What is the best thing about where you work?
I love the sun, the hot climate, the beaches and the low cost of living. I’ve also been very impressed with the quality of education available — so important for those of us with families. The availability of enthusiastic and well-qualified domestic help at a reasonable price makes life much more comfortable. After a long day’s work, it is much nicer to have a meal prepared by your personal local chef than to start peeling potatoes and cooking a casserole.

And the worst?
Definitely the notorious Jakarta traffic. We spend so much time travelling to meetings that we convert our cars into offices to avoid several hours of downtime each day.

Give an unusual fact about the country in which you work
Indonesia’s population of nearly 250 million is derived from over 300 different ethnic and cultural groups that speak over 250 distinct languages. The majority of Indonesians still speak a dialect at home, rather than the national language ‘Bahasa Indonesia’, which is quite similar to Malay. The archipelago extends 5,100km across the Earth’s surface and comprises over 13,000 islands and over 200 active volcanoes. Fortunately, we are normally spared from tornadoes and typhoons.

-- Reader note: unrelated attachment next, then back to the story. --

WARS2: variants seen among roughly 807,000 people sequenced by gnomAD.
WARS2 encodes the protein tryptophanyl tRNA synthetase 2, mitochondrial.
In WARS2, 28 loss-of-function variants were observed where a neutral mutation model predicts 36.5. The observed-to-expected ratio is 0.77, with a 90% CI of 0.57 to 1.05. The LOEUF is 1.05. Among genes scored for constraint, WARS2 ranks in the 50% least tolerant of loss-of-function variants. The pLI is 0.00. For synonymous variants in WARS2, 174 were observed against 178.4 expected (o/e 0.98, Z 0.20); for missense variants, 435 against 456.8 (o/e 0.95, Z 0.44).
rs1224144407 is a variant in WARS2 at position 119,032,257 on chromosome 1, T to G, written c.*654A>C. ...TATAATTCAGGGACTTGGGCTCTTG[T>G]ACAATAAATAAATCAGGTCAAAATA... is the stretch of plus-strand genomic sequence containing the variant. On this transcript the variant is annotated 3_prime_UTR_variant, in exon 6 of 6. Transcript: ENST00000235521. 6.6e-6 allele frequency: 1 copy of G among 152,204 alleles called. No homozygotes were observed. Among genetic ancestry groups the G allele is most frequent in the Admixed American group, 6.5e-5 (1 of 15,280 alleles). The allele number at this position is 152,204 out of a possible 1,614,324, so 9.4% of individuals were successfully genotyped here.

What are the key attributes an actuary or actuarial student would need to work in your role and region?
I deal with people in many countries and their cultures are often quite disparate. Some cultures are very reserved and feel it is impolite to ask questions or respond to a question with the word “no”.

Conversely, other cultures are much more outward going and aggressive and you have to be quite forceful just to get yourself heard. It can be quite a challenge to deal with such diversity, especially when people from different cultures are in the same team. Getting on with people from all countries, without causing offence or appearing to be schizophrenic, is both an art and a science.

Do you have any advice to others looking for overseas work?
Unless you are both confident and masochistic, wait until you have finished your exams before you take an overseas position. An overseas role can be very intensive and if you have been struggling all day with a new language, culture and regulations, you may find it hard to get your second wind and start studying after dinner until the small hours.

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Further reading: Working Overseas

This special supplement looks at career opportunities for actuaries around the world, and how to plan for a move abroad

Features
Emmanuel Kenning - Global trends and opportunities
Trevor Watkins - Actuarial qualifications
Hannah Kaye - Actuarial skills travel well
Andrew Smith - Lecturing in Armenia and Albania

Region focus
Mark Dainty - United Kingdom
Jan Sparks - Europe
Wilhelm de Wet - South Africa
Luke Hawkins - Asia

Case studies
Switzerland - Alex Summers
Spain - Carl Haughton
South Africa - Bjorn Landewig
South Africa - Ashlin Noonan
Nigeria - Alexandre Aquereburu
Hong Kong - Paul Murray
Hong Kong - Mark Stamper
Indonesia - Chris Lossin
Bermuda - Amy Guna
Australia - Matt Noyce
Australia - Ashley Palmer